Urban tragedies as phoenixes: Cities are rising from blight

The Argument

Intelligent private initiatives and public policies are bringing wastelands back to stable livability

Books

October 06, 2002|By Jill Jonnes | By Jill Jonnes,Special to the Sun

For decades, America watched its cities empty out. Some became eerily reminiscent of wartime ruins, with street after street of vacant, bombed-out apartment buildings, terrifying testimony to a rampant, incurable urban cancer. The ultimate, world-famous example of American urban abandonment was Charlotte Street in New York City's South Bronx. The chaos -- of dysfunctional inner-city poverty-fragile families, drugs, gangs and horrific crime -- spun out of control in the 1970s. For a decade, the arson fires burned, decimating 20 square miles of Bronx neighborhoods.

Most Americans believe that these infamous urban disaster zones, their spectacular collapse so vividly documented (it made for great, heart-wrenching TV), remain moribund wastelands, shunned by every sensible citizen.

What a delightful and astonishing surprise to discover that almost the entire South Bronx has been rebuilt and that tens of thousands of hard-working New Yorkers have chosen to buy new townhouses (built on those much-photographed rubble-strewn lots) and raise their families there! And what encouraging news from the urban front to learn that the monumental and amazing redevelopment seen in the South Bronx has been quietly under way elsewhere on a smaller scale. It turns out that despite decades of doom and gloom, we now know how to revive cities.

In Paul S. Grogan and Tony Proscio's Comeback Cities: A Blueprint for Urban Neighborhood Revival (Westview Press, 285 pages, $16), the authors hail the unheralded rebounding of the American inner city that has proved many an expert wrong.

They do not speak of miracles, but of big improvement, cautioning: "Even the fastest-recovering inner cities are still hardscrabble places occupied largely by poor families and struggling businesses. The point is not that poverty has been abolished, or will be, nor is it that cities can or should return to the full glory of their wealthier pasts. The point is that they are becoming places where people want to live, shop, run businesses and go to school."

They quote one Chicago community organizer as saying of his reviving neighborhood: "It's not pretty. It's still not clean. We've got problems. But economically, it works, and people like it here."

Twenty-two years of Republicanism (sometimes quite right-wing) at the national level have relentlessly pushed the mantra that government is bad. But these reviving cities show not only that government properly applied can do great good, but also that government is crucial to revival.

In this story, the role of government has been both indirect -- helping generate huge amounts of new capital through changed laws -- and direct, by dramatically bringing down violent crime. Savvy longtime grass-roots groups have recast themselves as nonprofit community development corporations (CDCs) that work closely with local government. They serve as the bedrock of neighborhood revival, rehabbing thousands of apartment houses and building new homes, luring in new businesses, setting up child-care centers, charter schools and other needed services.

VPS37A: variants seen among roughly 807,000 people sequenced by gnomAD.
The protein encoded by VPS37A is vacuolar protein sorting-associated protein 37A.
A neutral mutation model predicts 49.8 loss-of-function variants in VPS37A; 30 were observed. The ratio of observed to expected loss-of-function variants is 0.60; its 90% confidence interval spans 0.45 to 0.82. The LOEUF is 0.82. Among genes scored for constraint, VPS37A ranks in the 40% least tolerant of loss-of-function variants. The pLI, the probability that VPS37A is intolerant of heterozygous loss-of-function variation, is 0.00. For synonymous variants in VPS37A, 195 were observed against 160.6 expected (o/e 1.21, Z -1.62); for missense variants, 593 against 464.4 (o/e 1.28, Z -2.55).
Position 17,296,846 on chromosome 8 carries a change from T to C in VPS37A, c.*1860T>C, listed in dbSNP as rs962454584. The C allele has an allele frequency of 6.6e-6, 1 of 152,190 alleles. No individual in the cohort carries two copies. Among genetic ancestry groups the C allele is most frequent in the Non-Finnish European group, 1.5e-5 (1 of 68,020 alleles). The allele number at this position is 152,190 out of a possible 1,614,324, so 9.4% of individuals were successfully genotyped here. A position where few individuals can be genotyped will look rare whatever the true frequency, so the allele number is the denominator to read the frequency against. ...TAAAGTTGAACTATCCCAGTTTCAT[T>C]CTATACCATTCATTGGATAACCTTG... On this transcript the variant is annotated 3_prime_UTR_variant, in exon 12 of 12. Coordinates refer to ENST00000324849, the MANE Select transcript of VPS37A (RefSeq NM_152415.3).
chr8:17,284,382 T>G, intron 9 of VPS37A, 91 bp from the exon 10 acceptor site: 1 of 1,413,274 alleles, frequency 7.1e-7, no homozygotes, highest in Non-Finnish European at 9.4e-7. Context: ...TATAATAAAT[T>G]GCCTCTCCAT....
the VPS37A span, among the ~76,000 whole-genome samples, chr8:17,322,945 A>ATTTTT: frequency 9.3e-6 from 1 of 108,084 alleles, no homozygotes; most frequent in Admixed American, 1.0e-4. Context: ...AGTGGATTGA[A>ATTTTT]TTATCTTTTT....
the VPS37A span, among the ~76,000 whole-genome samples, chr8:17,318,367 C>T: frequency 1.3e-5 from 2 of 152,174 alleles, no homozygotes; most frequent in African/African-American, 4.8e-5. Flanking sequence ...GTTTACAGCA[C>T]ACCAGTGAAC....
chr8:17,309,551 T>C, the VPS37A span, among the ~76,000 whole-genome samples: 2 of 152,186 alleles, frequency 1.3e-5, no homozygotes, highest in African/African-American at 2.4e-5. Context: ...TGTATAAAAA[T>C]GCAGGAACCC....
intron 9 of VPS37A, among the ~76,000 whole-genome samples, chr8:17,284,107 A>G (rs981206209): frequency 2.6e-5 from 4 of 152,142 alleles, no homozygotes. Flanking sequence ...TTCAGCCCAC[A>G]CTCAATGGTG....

Alexander von Hoffman describes how several of these CDCs operate -- their trials, tribulations and triumphs -- in Fuel Lines for the Urban Revival Engine: Neighborhoods, Community Development Corporations, and Financial Intermediaries (Fannie Mae Foundation, 98 pages). He explains the critical role of several large national nonprofits like the Ford Foundation-backed Local Initiatives Support Corporation (LISC) and James Rouse's Enterprise Foundation.

These two groups work with almost 3,000 CDCs nationwide, helping them make financial deals and providing technical advice of all kinds. LISC, Enterprise and a few others, says Hoffman, "monitor CDCs and their projects, giving philanthropies, corporations, and banks confidence to invest." Most of these CDCs are able to obtain the all-critical capital thanks to government intervention and regulation. How?

Two major federal laws dramatically changed the rules of the capital and credit game in places like the South Bronx. The 1977 Community Reinvestment Act forced banks to stop redlining, causing their bank investments in poor neighborhoods to soar from $3 billion in 1977 to $43 billion in 1997. The 1986 Low Income Housing Tax Credit offered tax write-offs to corporations and individuals who invest in creating housing for the poor.

A Chicago-based clearinghouse, the National Equity Fund, makes it easy for corporations to buy $1 million blocks of tax shelter. A total of $3 billion in these tax credits has flowed into new inner-city projects. So, at long last, serious and desperately needed big money is reviving communities. The results are becoming highly visible.

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